In fact, you can instantly travel to all major metropolitan areas right from the start, or any other landmarks you've previously discovered. Through the "fast travel" feature on the world map, Oblivion simulates the amount of time it would have taken you to hoof it from point A to point B, so if you'd prefer to quickly teleport from one town to another instead of go by foot or on horseback, you're free to do that. This might be jarring at first, both to Morrowind fans and new players, but it turns out to be a great feature that helps keep the gameplay fast-paced...if that's how you like it. Certainly, the game rewards you for exploring on your own, since you'll find all kinds of uncharted places worth visiting. And in general, the way the quest system is structured is ideal for making you feel like you always have clear goals, yet without it feeling dumbed down or easy.
On that note, the game's level of challenge feels just right by default, though you can adjust a difficulty slider if you want to make it easier or harder. There's so much to do at any given point that even if you do get stuck on something, you can always come back to it later and go do something else that's fun and rewarding. The game's fine-tuned challenge is achieved in part because the enemies you'll encounter out in the world will get stronger as you do, though in practice, this doesn't come across nearly as contrived as it sounds. Growing more powerful in this game feels suitably rewarding, as it should in any role-playing game. As you find new and better equipment or spells, gain mastery over your skills, and increase your ability scores, you'll clearly get the impression that you're becoming much stronger. One of the great, new features in Oblivion is how all of the different skills in the game have different levels of mastery and corresponding perks--for example, when you reach journeyman level with blunt weapons, you gain a chance to disarm your foes with a power attack. Or, a journeyman in marksmanship can zoom in to snipe at foes with his or her bow. The strongest spells are limited to masters of their respective magic schools, and so on. When you advance to a higher rank in a skill, you get an immediate and significant payoff that wasn't there in Morrowind, where your character grew stronger much more subtly.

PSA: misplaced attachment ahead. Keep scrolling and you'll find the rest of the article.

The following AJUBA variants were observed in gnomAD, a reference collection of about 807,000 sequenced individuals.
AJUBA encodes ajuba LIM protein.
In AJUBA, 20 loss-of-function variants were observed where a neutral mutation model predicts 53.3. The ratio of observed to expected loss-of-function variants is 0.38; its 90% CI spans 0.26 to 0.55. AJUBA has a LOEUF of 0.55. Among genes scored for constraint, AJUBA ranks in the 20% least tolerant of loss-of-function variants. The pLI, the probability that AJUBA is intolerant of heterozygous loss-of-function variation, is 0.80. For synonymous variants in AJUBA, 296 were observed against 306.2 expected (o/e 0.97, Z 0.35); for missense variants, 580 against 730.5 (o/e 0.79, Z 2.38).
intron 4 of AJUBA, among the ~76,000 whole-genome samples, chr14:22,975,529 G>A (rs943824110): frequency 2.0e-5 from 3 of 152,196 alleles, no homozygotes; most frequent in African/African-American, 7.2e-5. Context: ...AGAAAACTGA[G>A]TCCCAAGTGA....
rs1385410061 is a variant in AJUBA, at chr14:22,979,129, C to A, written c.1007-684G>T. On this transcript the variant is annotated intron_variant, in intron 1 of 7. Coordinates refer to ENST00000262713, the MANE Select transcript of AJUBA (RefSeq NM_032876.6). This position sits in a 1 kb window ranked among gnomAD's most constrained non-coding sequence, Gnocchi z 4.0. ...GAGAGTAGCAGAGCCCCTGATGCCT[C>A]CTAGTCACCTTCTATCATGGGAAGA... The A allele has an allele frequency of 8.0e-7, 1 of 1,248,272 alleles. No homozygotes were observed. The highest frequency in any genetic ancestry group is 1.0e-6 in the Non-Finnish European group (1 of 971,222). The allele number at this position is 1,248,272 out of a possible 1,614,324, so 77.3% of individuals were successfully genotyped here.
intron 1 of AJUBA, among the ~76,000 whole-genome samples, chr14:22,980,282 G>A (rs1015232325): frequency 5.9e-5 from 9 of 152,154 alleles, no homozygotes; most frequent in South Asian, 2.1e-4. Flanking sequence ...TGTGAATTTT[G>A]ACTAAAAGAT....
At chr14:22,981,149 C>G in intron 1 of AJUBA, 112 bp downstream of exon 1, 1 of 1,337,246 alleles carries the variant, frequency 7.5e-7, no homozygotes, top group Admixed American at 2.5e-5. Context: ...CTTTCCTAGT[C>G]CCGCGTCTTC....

All of that aside, the main quest in Oblivion features a solid good-versus-evil storyline that'll give you a reason to see a lot of the world and get wrapped up in a lot of other activities. Much of the main quest revolves around the good-natured illegitimate son of the emperor, voiced to perfection by Sean Bean (The Lord of the Rings, Patriot Games), and how you become his trusted ally in a desperate attempt to rid the world of what's essentially an invasion from hell. The title of the game refers to a hellish realm from which demons are springing forth and besieging the land of Tamriel, and you get wrapped up in the middle of an effort to put a stop to it. While this main quest doesn't branch wildly depending on the disposition of your character, you can go about it while being as good or as evil or as chaotic-neutral as you please.
That is, you can opt to help the emperor's heir out of the goodness of your heart or for your own self-serving motives, or not at all if you'd prefer not to. You can actually role-play in this game, something that the vast majority of role-playing games have stopped offering in recent years. Unlike in a massively multiplayer role-playing game filled with people acting out of character, or a typically linear Japanese role-playing game in which you're more of a spectator than an active participant in the plot, in Oblivion the world will often respond to you as you'd expect. Characters will ask you if you're feeling well if you've been diseased. They'll hail you as a hero if you save their town from one of the looming oblivion gates that are threatening the world. They might be apprehensive toward you if you approach them with a weapon drawn, and they'll yell at you and summon the guards if they catch you stealing.